I would suggest (and I think I am on a similar train of thought here with Goldsmith) that the only way any poetry has ever exhibited its "relevance" is by entering a measurably wide arena of circulation and reception. Put simply, poetry becomes relevant by getting acknowledged and discussed by a great number of readers. Originally, I typed "read" instead of "acknowledged," but it really isn't even required that someone actually read the poetry; it simply needs to become visible, to assert its presence.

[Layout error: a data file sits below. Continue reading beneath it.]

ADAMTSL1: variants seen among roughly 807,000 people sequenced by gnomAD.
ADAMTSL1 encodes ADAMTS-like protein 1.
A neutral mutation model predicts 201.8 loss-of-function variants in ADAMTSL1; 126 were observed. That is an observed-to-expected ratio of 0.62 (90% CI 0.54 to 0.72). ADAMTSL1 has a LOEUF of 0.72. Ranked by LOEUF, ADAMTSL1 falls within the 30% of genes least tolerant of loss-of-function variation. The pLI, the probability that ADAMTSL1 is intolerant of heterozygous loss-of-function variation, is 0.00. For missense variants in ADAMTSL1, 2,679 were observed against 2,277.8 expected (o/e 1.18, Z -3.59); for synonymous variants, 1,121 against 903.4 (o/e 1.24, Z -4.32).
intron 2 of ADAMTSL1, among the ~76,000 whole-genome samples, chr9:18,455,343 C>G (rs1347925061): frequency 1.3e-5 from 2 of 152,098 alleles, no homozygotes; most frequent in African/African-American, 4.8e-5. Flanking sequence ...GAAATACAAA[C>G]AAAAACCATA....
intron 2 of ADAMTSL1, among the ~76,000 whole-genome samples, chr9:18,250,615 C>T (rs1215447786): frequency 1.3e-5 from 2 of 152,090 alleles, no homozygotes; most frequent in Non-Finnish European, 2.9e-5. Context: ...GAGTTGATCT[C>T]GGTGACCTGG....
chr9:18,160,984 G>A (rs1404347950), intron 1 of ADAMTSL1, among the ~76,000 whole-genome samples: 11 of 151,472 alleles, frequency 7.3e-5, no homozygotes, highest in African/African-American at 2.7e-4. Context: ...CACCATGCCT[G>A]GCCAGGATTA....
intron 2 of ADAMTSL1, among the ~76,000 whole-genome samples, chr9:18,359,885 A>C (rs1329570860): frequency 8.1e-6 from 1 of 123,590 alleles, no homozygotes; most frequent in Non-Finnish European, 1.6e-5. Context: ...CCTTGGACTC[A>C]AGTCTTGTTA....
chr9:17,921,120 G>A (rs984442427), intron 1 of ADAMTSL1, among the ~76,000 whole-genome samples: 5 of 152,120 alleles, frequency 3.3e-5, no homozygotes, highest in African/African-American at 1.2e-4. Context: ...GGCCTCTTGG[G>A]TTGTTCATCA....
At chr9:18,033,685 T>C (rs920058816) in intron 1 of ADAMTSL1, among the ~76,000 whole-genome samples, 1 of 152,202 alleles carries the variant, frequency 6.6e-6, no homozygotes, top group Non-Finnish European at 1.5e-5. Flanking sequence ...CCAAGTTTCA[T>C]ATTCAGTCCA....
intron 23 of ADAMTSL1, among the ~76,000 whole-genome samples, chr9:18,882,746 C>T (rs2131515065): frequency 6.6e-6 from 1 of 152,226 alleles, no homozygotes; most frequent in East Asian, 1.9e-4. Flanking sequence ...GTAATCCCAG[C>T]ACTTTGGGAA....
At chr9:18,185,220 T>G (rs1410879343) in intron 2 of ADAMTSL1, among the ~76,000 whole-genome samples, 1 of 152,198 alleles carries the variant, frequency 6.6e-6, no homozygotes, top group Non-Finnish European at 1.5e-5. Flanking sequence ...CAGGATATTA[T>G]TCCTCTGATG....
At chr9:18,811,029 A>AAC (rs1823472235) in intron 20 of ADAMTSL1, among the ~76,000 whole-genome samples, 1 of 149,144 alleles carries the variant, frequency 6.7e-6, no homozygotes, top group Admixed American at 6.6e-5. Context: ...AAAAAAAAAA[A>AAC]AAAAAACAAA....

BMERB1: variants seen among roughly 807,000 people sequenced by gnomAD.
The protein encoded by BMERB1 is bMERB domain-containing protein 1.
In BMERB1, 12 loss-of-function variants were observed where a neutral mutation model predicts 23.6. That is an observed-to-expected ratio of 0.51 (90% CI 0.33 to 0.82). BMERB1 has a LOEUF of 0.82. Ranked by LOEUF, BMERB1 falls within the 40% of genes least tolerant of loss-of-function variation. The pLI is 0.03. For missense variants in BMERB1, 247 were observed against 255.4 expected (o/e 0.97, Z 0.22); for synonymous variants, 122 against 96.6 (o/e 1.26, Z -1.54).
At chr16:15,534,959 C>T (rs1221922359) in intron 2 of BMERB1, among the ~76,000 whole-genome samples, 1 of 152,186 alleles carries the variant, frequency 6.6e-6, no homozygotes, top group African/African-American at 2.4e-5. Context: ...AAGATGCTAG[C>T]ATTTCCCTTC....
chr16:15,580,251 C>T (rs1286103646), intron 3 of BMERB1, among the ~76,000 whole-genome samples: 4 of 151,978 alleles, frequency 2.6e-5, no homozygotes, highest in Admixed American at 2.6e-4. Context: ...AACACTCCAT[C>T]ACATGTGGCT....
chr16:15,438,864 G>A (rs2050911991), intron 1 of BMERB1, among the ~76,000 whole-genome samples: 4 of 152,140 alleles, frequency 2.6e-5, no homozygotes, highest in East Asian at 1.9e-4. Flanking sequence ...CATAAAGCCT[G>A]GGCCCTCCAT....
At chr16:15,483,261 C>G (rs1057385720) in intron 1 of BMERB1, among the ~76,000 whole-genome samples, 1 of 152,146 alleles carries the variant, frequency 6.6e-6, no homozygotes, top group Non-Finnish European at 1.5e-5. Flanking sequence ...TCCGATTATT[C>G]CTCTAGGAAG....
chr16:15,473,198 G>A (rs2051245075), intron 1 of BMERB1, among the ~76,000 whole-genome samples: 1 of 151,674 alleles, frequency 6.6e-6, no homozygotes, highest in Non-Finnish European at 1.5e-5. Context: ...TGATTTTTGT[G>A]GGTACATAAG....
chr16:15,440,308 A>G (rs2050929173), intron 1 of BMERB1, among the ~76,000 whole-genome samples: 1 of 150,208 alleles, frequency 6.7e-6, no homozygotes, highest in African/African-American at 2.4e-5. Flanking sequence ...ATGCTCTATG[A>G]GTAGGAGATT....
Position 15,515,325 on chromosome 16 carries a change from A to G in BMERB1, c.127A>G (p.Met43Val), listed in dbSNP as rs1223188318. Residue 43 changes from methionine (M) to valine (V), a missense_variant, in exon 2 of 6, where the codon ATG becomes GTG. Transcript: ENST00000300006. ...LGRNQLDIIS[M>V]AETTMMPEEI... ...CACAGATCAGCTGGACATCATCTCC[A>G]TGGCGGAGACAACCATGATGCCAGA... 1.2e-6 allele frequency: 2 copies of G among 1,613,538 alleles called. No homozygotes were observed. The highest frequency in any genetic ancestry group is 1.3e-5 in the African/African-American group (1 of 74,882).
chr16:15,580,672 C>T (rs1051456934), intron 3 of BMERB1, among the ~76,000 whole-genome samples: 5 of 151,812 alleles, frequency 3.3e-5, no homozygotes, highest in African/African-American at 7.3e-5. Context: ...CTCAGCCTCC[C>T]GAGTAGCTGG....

I would further suggest that there are currently two chief strategies for generating poetic relevance as here defined. One is quite familiar, and is authorized by most of the "legitimate" literary establishments in existence. That is the conferral of distinction upon poetry and poets in the form of honors: awards, publication, institutional appointment, and so forth. Relevance in this case is a pure, self-sustaining condition--for as long as the honor is in effect. That is, until the award money runs out, or the book gets remaindered, or the appointment is terminated. In every case, the degree of relevance is directly proportionate to the degree of publicity and acknowledgment attending the honor. At its outer reaches, the honor may undermine its own power to confer relevance: being Poet Laureate, for instance, is in many ways less relevant than having a solid contract with a medium-size press, because the press has at least some level of guaranteed readership sharing a common range of attention, whereas being a Laureate simply means occupying a position in which there are suddenly a hell of a lot more people who have absolutely no idea who you are.